Last week, technology entrepreneur Gur Shomron announced that he was starting up the Sobol Awards, for which fiction writers could submit manuscripts to a committee of publishing professionals, and—for the mere price of $85—might win cash prizes, and, more importantly, an opportunity to crash the hallowed-yet-forbidding, exalted-yet-disparaged gates of Big Publishing by winning literary representation with Sobol Literary Enterprises. The announcement carried a "what could be bad?" tone: $85 is not a fortune, except for the most desperate of would-be writers, and if it would guarantee that said writers got a shot at the Big Time…well, why not? Besides, the $85 would end up being more like a Sobol processing fee than the dread reading-for-hire fee, and why shouldn't Sobol get paid for its work?

I don't know if the brains behind this plan thought they'd get as much attention for this initiative as they have—and assuming they'll get thousands of submissions—I'm not sure they'd care. After all, this kind of pay-for-play is not uncommon or particularly controversial in the poetry world. To be fair, there were some people who considered it a boon, at least for writers (for whom any chance is a boon).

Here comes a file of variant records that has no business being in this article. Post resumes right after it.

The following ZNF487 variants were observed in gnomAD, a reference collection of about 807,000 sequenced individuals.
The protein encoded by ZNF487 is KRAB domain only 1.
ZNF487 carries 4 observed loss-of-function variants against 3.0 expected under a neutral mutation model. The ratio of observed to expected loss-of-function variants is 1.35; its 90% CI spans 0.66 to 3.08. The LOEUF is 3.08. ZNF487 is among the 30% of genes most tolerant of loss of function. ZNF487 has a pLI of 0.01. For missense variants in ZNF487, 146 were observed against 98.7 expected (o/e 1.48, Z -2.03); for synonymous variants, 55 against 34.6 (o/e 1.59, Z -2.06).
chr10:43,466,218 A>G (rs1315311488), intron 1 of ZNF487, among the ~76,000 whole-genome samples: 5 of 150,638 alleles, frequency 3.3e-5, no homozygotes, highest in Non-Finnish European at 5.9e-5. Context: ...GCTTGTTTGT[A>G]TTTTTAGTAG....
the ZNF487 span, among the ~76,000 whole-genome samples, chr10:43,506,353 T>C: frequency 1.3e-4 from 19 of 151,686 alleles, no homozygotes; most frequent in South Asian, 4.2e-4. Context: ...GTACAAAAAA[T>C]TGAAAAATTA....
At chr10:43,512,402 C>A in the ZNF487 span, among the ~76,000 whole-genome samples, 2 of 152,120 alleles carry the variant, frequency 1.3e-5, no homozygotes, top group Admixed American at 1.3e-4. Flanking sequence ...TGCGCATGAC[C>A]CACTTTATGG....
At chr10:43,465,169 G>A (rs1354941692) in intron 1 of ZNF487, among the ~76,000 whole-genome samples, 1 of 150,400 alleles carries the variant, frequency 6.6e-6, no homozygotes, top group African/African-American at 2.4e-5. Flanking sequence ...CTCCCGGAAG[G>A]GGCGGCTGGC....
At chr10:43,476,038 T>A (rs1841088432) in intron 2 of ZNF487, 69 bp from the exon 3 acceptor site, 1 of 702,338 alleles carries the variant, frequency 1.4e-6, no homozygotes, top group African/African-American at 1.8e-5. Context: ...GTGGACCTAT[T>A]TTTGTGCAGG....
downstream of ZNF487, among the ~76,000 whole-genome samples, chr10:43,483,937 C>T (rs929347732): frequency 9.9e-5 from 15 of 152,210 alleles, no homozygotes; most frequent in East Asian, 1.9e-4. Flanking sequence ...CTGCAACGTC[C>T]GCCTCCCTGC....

"For many of us who spend hundreds of dollars on creative writing classes, mailings to agents who most of the time do not even have the courtesy to reply, not to mention contests and awards whose importance and financial rewards are nominal, " one reader wrote in a message to our Web site, "I think Sobol is a breath of fresh air." But overwhelmingly, the mail was skeptical; the Sobol Awards are "demeaning," a "sham" and, basically, just another way to manipulate the hopes and dreams of artists everywhere, said many, few of whom identified their relationship to the publishing community.

What I think: the Sobol Awards are less win-win than lose-lose. Yes, the agency will likely line its pockets with thousands of dollars; yes, there may be one heretofore unsung writer who will be thrilled to have major representation and publication. But thousands of others will get nowhere, and end up no more acknowledged than they were before.

The real damage, though, might be to the publishing industry as a whole, an industry that is not necessarily held in the highest regard, even by the writers who yearn to crack it. (I was struck, earlier this year, by the vehemence of public reaction to the publishing business in the Frey and Viswanathan scandals, for example). Publishers, agents, even booksellers, are the evil gatekeepers; we're "insiders," we're "cliquish," we're "superior"—and when we screw up there's a palpable glee in some quarters. What a contest like this does is make agenting look sleazy by giving hope to the millions of wannabe great American novelists—and then immediately dashing those hopes, all for a price. (That, and probably unwittingly marring the reputation of longtime legitimate agent Nat Sobel, who has mistakenly been confused with the agency sponsoring the contest.)

I have nothing against agents trying to make money—and God knows, I have nothing against writers who want to get published. But contests like this make everybody look bad by contributing to the perception that agents are charlatans and writers are nothing more than desperate prey.

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